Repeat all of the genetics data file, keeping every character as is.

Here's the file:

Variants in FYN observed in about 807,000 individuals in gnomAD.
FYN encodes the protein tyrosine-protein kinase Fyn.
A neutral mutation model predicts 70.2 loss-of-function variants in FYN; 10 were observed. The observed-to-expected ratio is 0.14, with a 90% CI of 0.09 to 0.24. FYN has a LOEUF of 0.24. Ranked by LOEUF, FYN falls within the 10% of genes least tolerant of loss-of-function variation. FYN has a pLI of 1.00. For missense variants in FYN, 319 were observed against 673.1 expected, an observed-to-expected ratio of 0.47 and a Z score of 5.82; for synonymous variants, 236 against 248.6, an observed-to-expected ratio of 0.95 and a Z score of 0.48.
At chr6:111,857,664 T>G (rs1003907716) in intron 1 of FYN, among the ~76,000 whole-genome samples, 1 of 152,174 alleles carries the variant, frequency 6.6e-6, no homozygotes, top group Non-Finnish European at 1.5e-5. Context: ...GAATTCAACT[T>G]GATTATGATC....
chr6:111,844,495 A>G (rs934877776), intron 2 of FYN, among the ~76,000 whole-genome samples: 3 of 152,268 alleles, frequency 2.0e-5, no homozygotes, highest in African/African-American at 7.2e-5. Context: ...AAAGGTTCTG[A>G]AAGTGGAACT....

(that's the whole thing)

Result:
Variants in FYN observed in about 807,000 individuals in gnomAD.
FYN encodes the protein tyrosine-protein kinase Fyn.
A neutral mutation model predicts 70.2 loss-of-function variants in FYN; 10 were observed. The observed-to-expected ratio is 0.14, with a 90% CI of 0.09 to 0.24. FYN has a LOEUF of 0.24. Ranked by LOEUF, FYN falls within the 10% of genes least tolerant of loss-of-function variation. FYN has a pLI of 1.00. For missense variants in FYN, 319 were observed against 673.1 expected, an observed-to-expected ratio of 0.47 and a Z score of 5.82; for synonymous variants, 236 against 248.6, an observed-to-expected ratio of 0.95 and a Z score of 0.48.
At chr6:111,857,664 T>G (rs1003907716) in intron 1 of FYN, among the ~76,000 whole-genome samples, 1 of 152,174 alleles carries the variant, frequency 6.6e-6, no homozygotes, top group Non-Finnish European at 1.5e-5. Context: ...GAATTCAACT[T>G]GATTATGATC....
chr6:111,844,495 A>G (rs934877776), intron 2 of FYN, among the ~76,000 whole-genome samples: 3 of 152,268 alleles, frequency 2.0e-5, no homozygotes, highest in African/African-American at 7.2e-5. Context: ...AAAGGTTCTG[A>G]AAGTGGAACT....